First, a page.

Chris Lilley: interview
'Angry Boys' and 'Summer Heights High' creator Chris Lilley talks to Gabriel Tate
‘The next thing you do is always a response to how the previous one’s gone,’ says Chris Lilley. So how has the Australian writer-director-character comedian followed a breakout smash like ‘Summer Heights High’? A mockumentary that – much like its predecessor, ‘We Can Be Heroes’ – was attacked for being crude, racist, profane and insulting, while being lauded for its characterisation, sensitivity, insight and social commentary? The answer: take it further, deeper and darker. The result: ‘Angry Boys’.
‘Challenging’, ‘surprising’ and ‘confronting’ are the three words Lilley returns to as he tells us about his goals for the new series; the spectacular audience response in his homeland (‘Angry Boys’ was the most popular global trending topic on Twitter after it aired) suggests a job well done. ‘It’s a bit overwhelming,’ he sighs. ‘There were definitely moments after “Summer Heights High” where I thought: Never again. It’s pretty awful being told you’re a racist. But I must have got over it, because this one’s pretty shocking.’
How shocking? Well, episode one brings us Gran, a lovable racist from a parochial Aussie backwater; Lilley blacks up to play a rapper for episode two; and episode four introduces a Japanese mother (Lilley, naturally) who outs her straight skateboarding son as a marketing gimmick. But these are characters drawn with a guiding wit and intelligence that far transcends stereotype; anyone who remembers Lilley’s most touching creation from ‘SHH’, Tongan delinquent and original angry boy Jonah Takalua, knows better than to judge his creations at face value.
While the action reaches out to a global audience, with HBO’s support making filming possible in LA and Tokyo, Lilley’s familiar preoccupations from his smaller-scale shows – role models, heroes, male adolescence in crisis – are thrust to the forefront. ‘I’m interested in youth culture – when your parents are running your life but you think you’re the big man – but I’m not trying to make a statement,’ protests Lilley. But one character literally has no balls. A metaphor too far? ‘Okay, there is a bit of a balls motif in there,’ he concedes, laughing, ‘and I’ve been invited to go to kids’ parties and had that hero thing thrust on to me a little bit, which has been weird.’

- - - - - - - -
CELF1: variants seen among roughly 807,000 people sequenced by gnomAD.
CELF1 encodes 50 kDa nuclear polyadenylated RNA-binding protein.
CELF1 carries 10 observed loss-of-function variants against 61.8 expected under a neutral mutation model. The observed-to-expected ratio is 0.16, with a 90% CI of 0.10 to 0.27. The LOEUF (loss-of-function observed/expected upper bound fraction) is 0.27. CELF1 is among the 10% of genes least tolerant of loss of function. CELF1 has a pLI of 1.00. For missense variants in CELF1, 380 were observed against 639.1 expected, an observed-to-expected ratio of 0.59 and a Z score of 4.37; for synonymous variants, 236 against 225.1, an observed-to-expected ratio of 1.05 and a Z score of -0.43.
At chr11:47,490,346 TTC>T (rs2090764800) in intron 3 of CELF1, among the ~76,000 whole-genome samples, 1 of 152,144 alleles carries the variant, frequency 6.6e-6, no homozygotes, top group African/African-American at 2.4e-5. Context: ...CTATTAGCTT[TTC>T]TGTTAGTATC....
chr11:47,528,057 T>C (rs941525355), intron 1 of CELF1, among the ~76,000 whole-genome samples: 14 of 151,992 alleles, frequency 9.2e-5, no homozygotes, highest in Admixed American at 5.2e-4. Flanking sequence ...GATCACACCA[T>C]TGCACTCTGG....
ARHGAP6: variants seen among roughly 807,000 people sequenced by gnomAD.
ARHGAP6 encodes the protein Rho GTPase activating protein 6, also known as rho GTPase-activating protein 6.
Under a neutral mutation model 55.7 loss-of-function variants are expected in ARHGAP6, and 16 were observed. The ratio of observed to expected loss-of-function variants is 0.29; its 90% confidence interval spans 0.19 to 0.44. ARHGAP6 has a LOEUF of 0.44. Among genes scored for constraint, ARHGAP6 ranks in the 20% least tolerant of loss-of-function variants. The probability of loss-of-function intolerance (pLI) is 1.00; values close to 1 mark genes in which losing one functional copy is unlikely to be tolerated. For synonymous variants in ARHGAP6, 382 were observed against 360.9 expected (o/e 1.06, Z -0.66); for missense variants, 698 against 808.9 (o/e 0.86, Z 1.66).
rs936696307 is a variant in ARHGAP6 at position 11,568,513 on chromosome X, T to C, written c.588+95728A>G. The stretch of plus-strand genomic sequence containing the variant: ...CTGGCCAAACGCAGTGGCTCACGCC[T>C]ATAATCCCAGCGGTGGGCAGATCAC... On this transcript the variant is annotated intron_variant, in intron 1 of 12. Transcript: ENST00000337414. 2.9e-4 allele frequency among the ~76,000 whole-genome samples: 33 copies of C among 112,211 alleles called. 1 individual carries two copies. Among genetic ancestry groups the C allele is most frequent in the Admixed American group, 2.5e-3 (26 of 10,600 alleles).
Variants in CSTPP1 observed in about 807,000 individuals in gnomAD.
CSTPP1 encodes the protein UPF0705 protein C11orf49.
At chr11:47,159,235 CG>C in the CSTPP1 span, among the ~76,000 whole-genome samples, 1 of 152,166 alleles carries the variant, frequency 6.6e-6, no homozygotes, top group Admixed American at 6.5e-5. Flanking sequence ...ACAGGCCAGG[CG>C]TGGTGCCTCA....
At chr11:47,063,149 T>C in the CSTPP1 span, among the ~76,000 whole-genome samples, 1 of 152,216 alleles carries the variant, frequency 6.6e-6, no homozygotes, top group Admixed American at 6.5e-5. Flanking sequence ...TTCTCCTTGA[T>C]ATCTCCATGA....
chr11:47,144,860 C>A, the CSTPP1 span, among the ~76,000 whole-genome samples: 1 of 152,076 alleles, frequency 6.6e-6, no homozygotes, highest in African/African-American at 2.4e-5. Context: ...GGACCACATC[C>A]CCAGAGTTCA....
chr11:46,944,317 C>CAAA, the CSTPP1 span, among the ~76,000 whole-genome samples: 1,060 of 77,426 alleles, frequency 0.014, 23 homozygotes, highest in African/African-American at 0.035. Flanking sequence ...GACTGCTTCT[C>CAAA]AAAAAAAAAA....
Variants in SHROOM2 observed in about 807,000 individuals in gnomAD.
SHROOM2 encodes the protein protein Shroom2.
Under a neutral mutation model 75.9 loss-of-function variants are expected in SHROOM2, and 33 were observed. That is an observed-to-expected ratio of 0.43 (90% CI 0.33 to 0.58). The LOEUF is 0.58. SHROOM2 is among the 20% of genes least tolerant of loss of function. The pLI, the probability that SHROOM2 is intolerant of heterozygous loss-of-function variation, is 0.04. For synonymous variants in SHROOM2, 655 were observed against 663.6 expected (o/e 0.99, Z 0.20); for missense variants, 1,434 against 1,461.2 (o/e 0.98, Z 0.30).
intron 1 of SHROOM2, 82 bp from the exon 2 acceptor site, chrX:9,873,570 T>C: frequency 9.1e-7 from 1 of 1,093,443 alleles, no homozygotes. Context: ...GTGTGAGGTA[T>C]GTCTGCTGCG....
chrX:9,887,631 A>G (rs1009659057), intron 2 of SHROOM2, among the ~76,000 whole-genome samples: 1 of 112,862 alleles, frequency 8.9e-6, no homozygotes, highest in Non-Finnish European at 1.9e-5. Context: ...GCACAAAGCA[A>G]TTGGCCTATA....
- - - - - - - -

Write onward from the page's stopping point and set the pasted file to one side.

There’s also an underlying seriousness to the show; the comedy becomes increasingly uncomfortable and the drama darker. Even some of his fans were worried that it wasn’t funny enough. ‘It gets more sad as it goes along,’ Lilley confirms. ‘I did some pretty heavy scenes as Gran with this young aboriginal boy which I thought were really interesting: this young guy from a country town, who’d never normally be on TV, talking about guinea pigs with this big drag queen. People were telling me they were crying and laughing by the end of the first episode, which is a pretty cool range of responses to get within 28 minutes.’